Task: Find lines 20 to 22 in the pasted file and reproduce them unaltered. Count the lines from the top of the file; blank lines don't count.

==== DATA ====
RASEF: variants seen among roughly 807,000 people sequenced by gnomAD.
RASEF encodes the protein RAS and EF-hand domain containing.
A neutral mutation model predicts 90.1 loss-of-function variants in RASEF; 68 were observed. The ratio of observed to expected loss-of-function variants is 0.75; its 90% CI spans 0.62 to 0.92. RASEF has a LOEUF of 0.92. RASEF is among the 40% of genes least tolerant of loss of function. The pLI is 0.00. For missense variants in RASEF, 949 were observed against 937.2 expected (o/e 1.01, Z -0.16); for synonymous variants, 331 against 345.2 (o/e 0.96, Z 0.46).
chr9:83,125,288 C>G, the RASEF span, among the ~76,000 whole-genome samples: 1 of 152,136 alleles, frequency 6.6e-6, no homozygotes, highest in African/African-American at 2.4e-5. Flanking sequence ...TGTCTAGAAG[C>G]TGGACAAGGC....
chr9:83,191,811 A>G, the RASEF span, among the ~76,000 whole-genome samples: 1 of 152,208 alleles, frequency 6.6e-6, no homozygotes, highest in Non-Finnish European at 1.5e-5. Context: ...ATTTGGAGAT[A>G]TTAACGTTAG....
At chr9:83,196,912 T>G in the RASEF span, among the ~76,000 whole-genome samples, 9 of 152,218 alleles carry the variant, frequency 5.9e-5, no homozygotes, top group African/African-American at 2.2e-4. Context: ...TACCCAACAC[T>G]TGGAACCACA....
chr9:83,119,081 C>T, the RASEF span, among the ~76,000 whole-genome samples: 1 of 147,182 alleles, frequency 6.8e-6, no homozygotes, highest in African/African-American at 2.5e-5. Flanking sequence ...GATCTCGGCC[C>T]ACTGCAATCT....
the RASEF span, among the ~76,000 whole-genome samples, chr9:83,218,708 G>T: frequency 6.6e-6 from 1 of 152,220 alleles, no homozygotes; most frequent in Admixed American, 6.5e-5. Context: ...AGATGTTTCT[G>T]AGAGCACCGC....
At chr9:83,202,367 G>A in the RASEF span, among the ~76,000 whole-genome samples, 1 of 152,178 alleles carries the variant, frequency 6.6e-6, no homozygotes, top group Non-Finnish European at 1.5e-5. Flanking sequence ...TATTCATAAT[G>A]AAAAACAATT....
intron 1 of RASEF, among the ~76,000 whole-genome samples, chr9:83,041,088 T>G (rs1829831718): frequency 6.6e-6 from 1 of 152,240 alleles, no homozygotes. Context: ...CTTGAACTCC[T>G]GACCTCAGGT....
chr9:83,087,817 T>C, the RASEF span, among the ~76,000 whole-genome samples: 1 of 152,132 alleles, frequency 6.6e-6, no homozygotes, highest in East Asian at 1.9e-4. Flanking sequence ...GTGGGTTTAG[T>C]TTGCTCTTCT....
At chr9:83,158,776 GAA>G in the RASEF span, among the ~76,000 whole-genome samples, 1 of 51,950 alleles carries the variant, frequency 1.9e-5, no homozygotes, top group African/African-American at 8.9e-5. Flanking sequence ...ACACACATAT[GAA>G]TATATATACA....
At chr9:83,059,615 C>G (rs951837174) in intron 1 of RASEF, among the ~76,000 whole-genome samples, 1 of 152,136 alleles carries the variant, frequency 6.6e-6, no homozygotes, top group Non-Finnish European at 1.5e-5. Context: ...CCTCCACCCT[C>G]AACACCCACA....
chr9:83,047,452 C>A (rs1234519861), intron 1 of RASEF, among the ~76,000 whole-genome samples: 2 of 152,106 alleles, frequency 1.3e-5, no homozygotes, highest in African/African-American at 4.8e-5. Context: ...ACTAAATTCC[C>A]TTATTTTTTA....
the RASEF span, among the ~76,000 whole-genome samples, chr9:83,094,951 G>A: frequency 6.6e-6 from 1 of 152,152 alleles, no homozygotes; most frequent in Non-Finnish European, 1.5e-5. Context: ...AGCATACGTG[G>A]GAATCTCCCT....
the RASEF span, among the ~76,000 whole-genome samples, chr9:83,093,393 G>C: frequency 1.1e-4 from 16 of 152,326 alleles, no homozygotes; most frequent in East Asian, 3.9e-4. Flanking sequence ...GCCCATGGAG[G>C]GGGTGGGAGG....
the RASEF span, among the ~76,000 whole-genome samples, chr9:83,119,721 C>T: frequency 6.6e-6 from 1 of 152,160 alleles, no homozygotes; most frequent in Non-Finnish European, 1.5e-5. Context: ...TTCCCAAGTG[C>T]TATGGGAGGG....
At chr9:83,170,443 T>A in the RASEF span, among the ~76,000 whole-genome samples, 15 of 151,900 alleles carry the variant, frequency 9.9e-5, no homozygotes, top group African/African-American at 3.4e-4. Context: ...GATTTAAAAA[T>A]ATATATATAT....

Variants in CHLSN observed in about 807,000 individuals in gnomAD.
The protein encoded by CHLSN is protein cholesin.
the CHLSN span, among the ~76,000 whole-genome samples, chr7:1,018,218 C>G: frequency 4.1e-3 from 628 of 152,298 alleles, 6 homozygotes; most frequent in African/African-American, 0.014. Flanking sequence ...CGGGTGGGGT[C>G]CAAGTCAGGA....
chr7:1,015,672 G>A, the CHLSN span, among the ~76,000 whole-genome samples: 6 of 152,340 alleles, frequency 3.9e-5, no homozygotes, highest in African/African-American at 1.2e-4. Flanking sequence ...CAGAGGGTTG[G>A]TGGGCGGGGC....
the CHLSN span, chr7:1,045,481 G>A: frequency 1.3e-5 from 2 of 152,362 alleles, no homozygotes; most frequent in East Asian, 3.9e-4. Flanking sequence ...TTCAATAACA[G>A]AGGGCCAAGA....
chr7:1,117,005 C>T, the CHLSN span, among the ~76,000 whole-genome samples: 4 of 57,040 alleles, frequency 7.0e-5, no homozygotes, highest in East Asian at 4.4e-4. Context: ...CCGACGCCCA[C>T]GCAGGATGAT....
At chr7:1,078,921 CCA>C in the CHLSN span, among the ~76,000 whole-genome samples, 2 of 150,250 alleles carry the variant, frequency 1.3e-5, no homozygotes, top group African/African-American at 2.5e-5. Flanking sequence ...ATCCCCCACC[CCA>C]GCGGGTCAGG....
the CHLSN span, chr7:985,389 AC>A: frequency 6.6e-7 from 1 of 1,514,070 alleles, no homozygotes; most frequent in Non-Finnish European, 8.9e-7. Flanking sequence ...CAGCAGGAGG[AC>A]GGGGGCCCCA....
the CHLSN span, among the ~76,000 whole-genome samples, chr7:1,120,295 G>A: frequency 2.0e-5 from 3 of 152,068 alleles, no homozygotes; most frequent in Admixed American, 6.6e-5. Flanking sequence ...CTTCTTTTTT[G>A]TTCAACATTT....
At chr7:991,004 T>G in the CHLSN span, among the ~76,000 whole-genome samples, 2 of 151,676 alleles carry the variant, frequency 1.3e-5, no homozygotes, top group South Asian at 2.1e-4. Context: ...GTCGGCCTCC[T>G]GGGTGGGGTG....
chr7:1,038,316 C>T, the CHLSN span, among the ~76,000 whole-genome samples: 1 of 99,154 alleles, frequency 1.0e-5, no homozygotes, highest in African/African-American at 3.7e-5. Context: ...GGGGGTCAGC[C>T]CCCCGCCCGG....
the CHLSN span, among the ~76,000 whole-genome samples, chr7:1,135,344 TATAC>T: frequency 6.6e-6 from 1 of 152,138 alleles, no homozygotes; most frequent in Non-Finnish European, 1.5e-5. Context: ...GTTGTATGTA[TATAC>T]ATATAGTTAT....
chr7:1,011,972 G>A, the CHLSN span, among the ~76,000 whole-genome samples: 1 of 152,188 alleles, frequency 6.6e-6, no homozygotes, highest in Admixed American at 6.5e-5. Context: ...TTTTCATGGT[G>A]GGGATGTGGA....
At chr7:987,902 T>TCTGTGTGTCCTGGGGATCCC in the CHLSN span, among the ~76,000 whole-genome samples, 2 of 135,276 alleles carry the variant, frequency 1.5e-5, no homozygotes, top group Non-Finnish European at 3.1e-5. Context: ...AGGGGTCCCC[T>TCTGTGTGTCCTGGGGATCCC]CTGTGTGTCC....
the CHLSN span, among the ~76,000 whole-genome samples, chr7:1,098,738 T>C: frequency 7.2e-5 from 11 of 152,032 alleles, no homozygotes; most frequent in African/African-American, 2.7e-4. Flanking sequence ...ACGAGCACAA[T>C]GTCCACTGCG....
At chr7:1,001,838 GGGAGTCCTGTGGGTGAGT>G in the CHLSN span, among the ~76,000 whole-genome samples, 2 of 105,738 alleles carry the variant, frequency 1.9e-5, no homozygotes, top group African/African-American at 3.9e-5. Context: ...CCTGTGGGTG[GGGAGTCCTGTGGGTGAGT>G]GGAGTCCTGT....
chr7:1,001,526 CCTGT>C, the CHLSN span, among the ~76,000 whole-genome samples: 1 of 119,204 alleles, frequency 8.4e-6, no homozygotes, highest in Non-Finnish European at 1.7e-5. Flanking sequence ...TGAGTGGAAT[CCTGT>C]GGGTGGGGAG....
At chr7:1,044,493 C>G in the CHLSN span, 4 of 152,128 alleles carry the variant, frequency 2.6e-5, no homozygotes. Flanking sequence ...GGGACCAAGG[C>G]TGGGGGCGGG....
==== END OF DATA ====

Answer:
The protein encoded by CHLSN is protein cholesin.
the CHLSN span, among the ~76,000 whole-genome samples, chr7:1,018,218 C>G: frequency 4.1e-3 from 628 of 152,298 alleles, 6 homozygotes; most frequent in African/African-American, 0.014. Flanking sequence ...CGGGTGGGGT[C>G]CAAGTCAGGA....
chr7:1,015,672 G>A, the CHLSN span, among the ~76,000 whole-genome samples: 6 of 152,340 alleles, frequency 3.9e-5, no homozygotes, highest in African/African-American at 1.2e-4. Flanking sequence ...CAGAGGGTTG[G>A]TGGGCGGGGC....